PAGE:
• An apprenticeship program registered with the US Department of Labor (DOL)
    • A federally recognized State Apprenticeship Agency (SAA)
    • Workforce Development/Employer program

Work Experience

  • Must be employed as a medical assistant for a minimum of 3 years within the past 7 years – 3 years of full-time employment at 36 hours per week is the equivalent of 5,616 hours. Provide documents of both administrative and clinical duties on the employment letter
  • Experience must include both clinical and administrative duties
  • Must have a valid CPR card (copy of front and back). CPR training must include both theoretical and in-person demonstration of CPR proficiency.


  • Must be a recent graduate, or scheduled to graduate from a formal medical services training program of the United States Armed Forces – Must have graduated within the last 4 years.


  • Must have worked as a medical assistant educator for a minimum of five years, and have previously completed a course in a healthcare related discipline.

The application fee for the RMA exam is $135. You must schedule your exam online after you receive approval from the RMA.

The official certification will be supplied within 7 to 14 days after you pass the exam.

Certified Clinical Medical Assistant (CCMA)

The National Healthcareer Association (NHA) is another nationally recognized certifying organization for medical assistants. Candidates who successfully meet all the requirements will receive the Certified Clinical Medical Assistant (CCMA) credential. Candidates for certification may fulfill the requirements for certification via work experience or practical training.

To take the CCMA credentialing exam, you must:

  • Possess a high school diploma/GED equivalent AND
  • Have completed a medical assistant training program (within the last 5 years) OR
  • Have one year of supervised medical assisting experience, in the last 3 years

The exam is administered either at your school, a PSI testing center near you, or through live remote proctoring at the location of your choice.

For online CCMA exams, NHA will officially post your certification results to your account page within two days of scoring your test.

Minnesota Medical Assistants FAQs

Are medical assistants required to be licensed or certified by the State of Minnesota?

Medical assistants are not required to be licensed or certified in Minnesota.

What duties are medical assistants allowed to perform?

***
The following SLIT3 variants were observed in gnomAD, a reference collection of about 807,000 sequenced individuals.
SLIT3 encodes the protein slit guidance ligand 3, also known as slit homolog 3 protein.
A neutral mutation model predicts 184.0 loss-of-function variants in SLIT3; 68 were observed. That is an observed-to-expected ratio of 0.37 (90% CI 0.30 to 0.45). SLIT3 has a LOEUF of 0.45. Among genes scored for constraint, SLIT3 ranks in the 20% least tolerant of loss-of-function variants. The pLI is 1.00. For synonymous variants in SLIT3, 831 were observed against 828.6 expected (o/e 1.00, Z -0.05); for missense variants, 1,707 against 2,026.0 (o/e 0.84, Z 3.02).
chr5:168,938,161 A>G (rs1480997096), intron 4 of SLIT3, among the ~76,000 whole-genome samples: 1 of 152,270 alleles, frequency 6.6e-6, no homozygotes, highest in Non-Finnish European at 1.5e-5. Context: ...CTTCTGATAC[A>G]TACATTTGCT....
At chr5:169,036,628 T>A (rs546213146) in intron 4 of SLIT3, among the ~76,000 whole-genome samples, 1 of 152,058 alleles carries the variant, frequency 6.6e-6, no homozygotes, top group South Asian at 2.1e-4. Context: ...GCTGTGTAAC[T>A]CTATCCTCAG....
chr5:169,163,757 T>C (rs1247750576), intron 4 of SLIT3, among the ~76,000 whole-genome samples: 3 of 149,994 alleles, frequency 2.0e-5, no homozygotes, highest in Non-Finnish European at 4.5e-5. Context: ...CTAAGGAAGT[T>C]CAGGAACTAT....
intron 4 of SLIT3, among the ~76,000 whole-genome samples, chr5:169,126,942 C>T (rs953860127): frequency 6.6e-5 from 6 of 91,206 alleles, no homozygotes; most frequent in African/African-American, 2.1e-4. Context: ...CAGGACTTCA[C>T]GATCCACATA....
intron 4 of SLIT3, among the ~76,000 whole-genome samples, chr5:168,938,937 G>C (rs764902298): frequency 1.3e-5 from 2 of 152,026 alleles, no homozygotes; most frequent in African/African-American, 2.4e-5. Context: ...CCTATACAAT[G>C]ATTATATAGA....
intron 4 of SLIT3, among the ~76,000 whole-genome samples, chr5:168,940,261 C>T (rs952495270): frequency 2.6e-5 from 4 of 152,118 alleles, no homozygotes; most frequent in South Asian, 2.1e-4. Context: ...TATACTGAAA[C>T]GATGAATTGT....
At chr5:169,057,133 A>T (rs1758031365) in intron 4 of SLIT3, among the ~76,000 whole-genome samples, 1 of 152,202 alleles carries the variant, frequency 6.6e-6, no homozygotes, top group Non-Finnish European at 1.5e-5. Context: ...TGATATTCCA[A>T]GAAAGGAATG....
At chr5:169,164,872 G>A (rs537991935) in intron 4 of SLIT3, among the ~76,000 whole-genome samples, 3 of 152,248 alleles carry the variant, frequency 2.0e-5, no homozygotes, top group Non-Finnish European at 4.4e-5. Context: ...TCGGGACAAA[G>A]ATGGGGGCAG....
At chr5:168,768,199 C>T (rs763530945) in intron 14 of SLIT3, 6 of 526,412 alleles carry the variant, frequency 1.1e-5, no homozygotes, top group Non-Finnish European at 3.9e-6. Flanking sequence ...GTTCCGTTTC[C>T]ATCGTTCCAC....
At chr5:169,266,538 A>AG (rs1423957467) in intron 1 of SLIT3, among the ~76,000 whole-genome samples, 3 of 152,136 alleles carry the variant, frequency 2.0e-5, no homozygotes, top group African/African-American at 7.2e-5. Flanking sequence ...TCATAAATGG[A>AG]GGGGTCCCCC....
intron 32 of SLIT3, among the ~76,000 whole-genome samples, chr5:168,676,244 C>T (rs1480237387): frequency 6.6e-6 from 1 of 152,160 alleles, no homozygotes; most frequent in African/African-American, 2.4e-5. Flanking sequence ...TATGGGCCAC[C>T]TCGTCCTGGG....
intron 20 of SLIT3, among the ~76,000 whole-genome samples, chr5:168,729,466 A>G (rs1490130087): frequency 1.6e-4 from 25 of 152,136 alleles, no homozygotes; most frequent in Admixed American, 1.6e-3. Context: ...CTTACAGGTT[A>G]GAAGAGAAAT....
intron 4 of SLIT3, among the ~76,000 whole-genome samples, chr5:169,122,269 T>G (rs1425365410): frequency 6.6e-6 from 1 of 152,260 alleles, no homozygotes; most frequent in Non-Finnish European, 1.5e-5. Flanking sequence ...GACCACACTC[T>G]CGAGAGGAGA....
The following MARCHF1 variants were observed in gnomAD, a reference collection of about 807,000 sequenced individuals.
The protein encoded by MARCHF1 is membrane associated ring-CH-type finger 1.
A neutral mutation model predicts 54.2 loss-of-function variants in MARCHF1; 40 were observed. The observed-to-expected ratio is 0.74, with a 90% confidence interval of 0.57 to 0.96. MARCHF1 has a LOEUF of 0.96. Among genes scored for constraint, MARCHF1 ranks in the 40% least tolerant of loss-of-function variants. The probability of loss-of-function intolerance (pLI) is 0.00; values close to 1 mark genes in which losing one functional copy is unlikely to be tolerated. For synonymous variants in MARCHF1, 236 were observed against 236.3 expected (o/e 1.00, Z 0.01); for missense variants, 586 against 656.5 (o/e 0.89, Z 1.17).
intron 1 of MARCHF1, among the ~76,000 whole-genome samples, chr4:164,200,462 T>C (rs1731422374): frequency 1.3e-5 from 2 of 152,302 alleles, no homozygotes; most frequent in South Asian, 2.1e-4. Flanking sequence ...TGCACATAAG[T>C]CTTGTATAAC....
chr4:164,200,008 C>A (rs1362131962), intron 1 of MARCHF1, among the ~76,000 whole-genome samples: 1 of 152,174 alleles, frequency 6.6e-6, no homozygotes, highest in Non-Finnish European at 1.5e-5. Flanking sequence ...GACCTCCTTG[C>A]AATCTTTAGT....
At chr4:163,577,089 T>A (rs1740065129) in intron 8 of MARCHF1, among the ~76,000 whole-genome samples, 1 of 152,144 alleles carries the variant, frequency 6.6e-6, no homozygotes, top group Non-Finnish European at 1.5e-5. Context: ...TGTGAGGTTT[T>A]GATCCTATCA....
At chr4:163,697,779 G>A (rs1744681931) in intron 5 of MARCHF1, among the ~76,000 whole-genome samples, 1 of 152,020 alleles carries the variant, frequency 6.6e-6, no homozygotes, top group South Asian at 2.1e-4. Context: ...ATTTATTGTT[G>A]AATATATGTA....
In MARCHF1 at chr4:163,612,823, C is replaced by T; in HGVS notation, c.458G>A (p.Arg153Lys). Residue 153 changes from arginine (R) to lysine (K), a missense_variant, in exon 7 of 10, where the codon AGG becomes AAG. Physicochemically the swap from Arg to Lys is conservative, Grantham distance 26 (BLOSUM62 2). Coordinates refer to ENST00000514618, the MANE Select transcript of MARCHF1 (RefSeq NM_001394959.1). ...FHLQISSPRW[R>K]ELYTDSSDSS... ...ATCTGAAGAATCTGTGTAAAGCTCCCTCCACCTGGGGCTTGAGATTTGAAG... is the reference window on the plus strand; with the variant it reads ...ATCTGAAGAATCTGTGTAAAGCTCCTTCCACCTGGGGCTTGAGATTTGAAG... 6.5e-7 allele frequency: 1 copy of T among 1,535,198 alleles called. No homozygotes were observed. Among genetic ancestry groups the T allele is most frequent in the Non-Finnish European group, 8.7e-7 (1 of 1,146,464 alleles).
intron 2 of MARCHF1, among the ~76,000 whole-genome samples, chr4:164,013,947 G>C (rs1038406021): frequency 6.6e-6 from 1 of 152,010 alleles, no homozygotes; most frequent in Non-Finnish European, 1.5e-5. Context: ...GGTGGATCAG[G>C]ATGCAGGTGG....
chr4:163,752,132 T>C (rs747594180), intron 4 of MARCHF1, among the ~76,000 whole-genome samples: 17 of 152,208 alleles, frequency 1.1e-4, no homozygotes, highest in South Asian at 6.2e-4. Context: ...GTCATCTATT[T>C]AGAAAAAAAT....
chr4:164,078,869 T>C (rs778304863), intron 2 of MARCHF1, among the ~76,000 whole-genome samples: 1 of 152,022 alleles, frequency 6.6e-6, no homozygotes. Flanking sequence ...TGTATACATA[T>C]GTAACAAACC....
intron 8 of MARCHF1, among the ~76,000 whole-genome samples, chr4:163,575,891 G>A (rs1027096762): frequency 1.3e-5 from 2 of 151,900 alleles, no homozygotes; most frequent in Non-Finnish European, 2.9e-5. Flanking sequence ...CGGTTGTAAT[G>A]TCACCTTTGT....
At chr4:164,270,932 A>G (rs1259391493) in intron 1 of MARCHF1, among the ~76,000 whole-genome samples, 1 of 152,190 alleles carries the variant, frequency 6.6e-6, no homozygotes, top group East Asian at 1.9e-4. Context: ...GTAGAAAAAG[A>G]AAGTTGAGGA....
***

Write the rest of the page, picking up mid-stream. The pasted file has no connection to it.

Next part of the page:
According to Minnesota State, a Certified Medical Assistant may perform the following tasks:

  • Update and file medical records
  • Schedule appointments
  • Arrange for hospital admissions
  • Take medical histories
  • Take vitals – temperature, pulse, respiration and blood pressure readings and record
  • Prepare for examination
  • Assist licensed health care professionals during the examination
  • Record results of medical examinations and treatments
  • Draw blood
  • Collect and prepare specimens and perform basic laboratory tests
  • Dispense of contaminated supplies
  • Sterilize medical instruments
  • Provide instruction for medication and special diets
  • Prepare, administer, and record medications/immunizations as directed
  • Authorize drug refills as directed
  • Telephone prescriptions to a pharmacy
  • Prepare patients for x-ray, take basic x-rays of chest and extremities
  • Take electrocardiograms
  • Remove sutures and change dressings
  • Perform related work as required

Work must be performed according to established rules and procedures with day-to-day supervision provided by an RN or other licensed medical professional on duty.

Contact the Minnesota Society of Medical Assistants


CAAHEP & ABHES Accredited Medical Assistant Programs Minnesota

Anoka, MN Medical Assistant programs:
Anoka Technical College
1355 West Highway 10
Anoka, MN 55303

Brooklyn, MN Medical Assistant programs:
Hennepin Technical College
9000 Brooklyn Boulevard
Brooklyn Park, MN 55445

Brooklyn Park, MN Medical Assistant programs:
Rasmussen College
5555 96th Avenue N
Brooklyn Park, MN 55443

Canby, MN Medical Assistant programs:
Minnesota West Community & Technical College
1011 First Street West
Canby, MN 56220

Duluth, MN Medical Assistant programs:
Lake Superior College
2101 Trinity Road
Duluth, MN 55811

Faribault, MN Medical Assistant programs:
South Central College
1225 Third Street SW
Faribault, MN 55021

Hutchinson, MN Medical Assistant programs:
Ridgewater College
2 Century Avenue SE
Hutchinson, MN 55350

Red Wing, MN Medical Assistant programs:
Minnesota State College Southeast
308 Pioneer Road
Red Wing, MN 55066

White Bear Lake, MN Medical Assistant programs:
Century College
3300 Century Ave N
White Bear Lake, MN 55110